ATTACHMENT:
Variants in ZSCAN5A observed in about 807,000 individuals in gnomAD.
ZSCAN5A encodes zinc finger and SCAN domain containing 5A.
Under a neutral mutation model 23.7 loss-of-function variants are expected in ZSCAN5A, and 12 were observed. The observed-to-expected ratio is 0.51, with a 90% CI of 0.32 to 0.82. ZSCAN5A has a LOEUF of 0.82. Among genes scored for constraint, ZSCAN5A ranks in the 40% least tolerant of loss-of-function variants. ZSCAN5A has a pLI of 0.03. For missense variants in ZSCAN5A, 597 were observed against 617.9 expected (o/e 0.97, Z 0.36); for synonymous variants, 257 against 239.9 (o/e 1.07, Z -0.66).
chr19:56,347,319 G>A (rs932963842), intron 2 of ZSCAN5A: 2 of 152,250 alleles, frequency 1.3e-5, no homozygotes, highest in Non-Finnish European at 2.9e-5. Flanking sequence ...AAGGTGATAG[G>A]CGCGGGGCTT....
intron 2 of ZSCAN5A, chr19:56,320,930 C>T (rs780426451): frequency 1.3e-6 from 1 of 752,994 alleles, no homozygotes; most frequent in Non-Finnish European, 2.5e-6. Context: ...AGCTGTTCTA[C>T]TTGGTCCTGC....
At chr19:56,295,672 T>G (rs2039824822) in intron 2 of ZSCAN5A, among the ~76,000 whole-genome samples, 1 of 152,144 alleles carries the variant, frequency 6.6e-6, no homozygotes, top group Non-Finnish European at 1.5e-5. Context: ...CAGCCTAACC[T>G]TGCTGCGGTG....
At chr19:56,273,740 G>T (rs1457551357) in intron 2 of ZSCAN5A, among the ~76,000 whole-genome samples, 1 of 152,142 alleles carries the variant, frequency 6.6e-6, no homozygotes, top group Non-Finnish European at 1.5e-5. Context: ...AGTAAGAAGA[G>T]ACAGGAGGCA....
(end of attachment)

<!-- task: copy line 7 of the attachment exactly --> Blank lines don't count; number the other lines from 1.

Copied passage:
At chr19:56,273,740 G>T (rs1457551357) in intron 2 of ZSCAN5A, among the ~76,000 whole-genome samples, 1 of 152,142 alleles carries the variant, frequency 6.6e-6, no homozygotes, top group Non-Finnish European at 1.5e-5. Context: ...AGTAAGAAGA[G>T]ACAGGAGGCA....